By Brooke Beyer
This is the first article in a series The Daily will be publishing this week on environmentalism, showcasing various sustainability efforts across campus.
Stanford Roots hosted their annual Harvest Festival on Friday, welcoming students to the O’Donohue Family Stanford Educational Farm in order to celebrate the land and promote sustainable agriculture on campus. Stanford Roots, formerly the Stanford Farmers, is a student-led organization that promotes community involvement through experiential learning and collaboration with the Farm.
“The Harvest Festival celebrates the work that goes into the farm, and shows how meaningful food systems are to the community,” said Lindsay Filgas ’22 a member of Stanford Roots and co-organizer of the event.
Filgas, who volunteers at the farm with both organizational and manual work, said she appreciates the space as a breath of fresh air from the Stanford routine.
“Working on the farm reminds me of the world beyond Stanford,” she said.
Filgas expressed hope that through the activities offered at the festival, guests will consider the integral role of food systems in everyday life.
“One huge way that you individually can have an impact on the climate is through what you eat,” Filgas said. “Eating a little bit less red meat, a little bit less chicken will go a long way.”
Through events such as the Harvest Festival, Stanford Roots hopes to raise awareness for the relationship between human systems and environmental systems. Filgas cited that roughly 10% of U.S. CO2 emissions comes from agriculture, and hopes the festival will prompt students to be reflective about their relationship to food, consumerism and the environment.
The festival included a range of activities to engage visitors, many of whom had never visited the farm before, with sustainability and agriculture. Guests were encouraged to pick marigolds in celebration of the Mexican holiday of Dia de Los Muertos and participate in autumnal arts and crafts such as herb planting and watercolor painting.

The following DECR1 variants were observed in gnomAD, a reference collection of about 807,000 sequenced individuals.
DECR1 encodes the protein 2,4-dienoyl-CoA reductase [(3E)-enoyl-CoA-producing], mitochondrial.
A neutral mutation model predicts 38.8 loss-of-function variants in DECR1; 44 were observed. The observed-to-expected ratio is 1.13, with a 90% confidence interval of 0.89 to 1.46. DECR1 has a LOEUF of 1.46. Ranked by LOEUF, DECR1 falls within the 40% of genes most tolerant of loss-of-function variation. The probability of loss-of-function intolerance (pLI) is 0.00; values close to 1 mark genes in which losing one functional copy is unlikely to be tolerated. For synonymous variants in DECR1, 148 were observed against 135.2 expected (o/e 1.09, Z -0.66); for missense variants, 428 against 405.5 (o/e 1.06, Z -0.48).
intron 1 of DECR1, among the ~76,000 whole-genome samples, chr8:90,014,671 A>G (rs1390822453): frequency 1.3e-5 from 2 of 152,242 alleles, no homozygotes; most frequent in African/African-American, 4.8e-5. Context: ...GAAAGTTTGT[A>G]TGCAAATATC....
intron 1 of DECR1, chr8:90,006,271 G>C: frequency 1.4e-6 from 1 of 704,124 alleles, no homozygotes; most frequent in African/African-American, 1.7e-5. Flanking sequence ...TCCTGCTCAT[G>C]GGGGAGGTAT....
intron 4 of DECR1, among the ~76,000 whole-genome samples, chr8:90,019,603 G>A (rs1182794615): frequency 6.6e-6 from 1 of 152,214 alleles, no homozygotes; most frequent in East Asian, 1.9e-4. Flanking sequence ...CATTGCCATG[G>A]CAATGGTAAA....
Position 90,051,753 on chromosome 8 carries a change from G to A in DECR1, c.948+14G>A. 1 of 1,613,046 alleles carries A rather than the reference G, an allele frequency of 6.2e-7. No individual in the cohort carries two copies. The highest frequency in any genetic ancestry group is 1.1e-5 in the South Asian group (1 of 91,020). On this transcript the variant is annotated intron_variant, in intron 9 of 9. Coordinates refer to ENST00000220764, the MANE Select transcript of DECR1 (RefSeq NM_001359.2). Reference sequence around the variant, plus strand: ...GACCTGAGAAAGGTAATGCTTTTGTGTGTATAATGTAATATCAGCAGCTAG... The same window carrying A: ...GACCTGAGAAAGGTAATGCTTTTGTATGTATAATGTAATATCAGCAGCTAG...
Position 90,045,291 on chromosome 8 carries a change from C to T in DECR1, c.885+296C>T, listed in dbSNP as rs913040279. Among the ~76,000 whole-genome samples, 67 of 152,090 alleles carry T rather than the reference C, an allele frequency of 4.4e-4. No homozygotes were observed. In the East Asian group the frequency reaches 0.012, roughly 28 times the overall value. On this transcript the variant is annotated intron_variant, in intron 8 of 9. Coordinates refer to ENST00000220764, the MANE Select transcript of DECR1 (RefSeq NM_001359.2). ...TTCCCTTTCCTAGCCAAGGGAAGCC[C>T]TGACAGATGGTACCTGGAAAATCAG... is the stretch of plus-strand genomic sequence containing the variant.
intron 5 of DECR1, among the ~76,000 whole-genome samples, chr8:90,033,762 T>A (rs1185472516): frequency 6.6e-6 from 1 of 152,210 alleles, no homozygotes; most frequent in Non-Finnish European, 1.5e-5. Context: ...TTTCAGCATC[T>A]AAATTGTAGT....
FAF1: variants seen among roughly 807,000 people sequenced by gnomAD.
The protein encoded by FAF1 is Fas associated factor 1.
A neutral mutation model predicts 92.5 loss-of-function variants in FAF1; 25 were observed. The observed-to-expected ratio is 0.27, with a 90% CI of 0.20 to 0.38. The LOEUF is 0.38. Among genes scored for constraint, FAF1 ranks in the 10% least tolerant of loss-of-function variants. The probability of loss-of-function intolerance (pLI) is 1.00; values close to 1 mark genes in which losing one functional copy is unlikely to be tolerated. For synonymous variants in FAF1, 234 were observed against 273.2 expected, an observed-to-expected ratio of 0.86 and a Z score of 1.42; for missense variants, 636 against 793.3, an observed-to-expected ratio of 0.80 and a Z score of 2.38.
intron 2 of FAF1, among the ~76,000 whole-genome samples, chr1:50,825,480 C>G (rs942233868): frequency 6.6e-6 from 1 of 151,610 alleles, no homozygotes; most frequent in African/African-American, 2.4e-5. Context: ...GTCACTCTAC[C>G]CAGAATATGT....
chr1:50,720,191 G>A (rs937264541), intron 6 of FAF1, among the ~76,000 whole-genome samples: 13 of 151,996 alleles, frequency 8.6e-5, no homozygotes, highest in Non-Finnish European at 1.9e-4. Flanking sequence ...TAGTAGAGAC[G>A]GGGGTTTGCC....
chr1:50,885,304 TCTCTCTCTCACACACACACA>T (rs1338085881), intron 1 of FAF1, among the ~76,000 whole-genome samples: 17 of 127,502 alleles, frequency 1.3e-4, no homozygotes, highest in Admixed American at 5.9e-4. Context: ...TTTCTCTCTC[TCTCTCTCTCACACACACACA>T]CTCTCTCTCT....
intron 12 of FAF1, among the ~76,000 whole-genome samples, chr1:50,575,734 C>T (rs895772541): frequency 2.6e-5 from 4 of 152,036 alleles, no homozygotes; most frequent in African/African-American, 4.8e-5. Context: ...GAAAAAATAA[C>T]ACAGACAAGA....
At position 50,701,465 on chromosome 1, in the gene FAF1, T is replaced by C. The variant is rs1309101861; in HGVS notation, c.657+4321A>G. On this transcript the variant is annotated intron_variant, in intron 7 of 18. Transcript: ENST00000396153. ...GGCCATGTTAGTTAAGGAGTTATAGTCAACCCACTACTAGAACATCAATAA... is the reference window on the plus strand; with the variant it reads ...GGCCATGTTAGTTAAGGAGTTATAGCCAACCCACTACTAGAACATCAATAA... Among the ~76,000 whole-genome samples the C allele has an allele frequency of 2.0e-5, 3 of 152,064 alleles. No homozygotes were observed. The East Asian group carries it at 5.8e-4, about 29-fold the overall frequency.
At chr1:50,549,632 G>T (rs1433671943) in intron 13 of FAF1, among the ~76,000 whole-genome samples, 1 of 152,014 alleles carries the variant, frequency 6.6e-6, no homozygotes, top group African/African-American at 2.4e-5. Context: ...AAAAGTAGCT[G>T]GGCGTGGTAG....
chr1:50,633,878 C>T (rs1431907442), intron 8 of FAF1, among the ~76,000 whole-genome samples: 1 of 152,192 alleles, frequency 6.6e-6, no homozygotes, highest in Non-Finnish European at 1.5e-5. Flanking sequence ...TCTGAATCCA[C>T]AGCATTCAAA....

Guests could also make homemade pizzas and pancakes using a selection of organic ingredients harvested on the farm.
“I hope that students consider the impact of each of their daily actions,” said Tanvi Dutta Gupta ’23, a student who attended the festival. “Even just buying a coffee at the store, it’s important to consider the industrial chain behind every act of consumption.”
The festival also showcased live music from student performers including Eisenach, Pass by Catastrophe and Sister Supply.
“It’s important to bring people together around issues relating to the environment,” Jacob Eisenach ’22 said. “Music has the power to do that.”
Filgas emphasized her intention that the festival would introduce students from many different parts of campus to the farm, and exemplify that Stanford Roots was as much about building community as planting and harvesting.
“This was my first time at the farm, and it gave me a greater appreciation for the number of communities at Stanford that I have yet to discover,” Miriam Wallstrom ’22 said. “I definitely want to return to the farm, which felt like a peaceful haven from the bustle of other Stanford spaces.”
Contact Brooke Beyer at bbeyer ‘at’ stanford.edu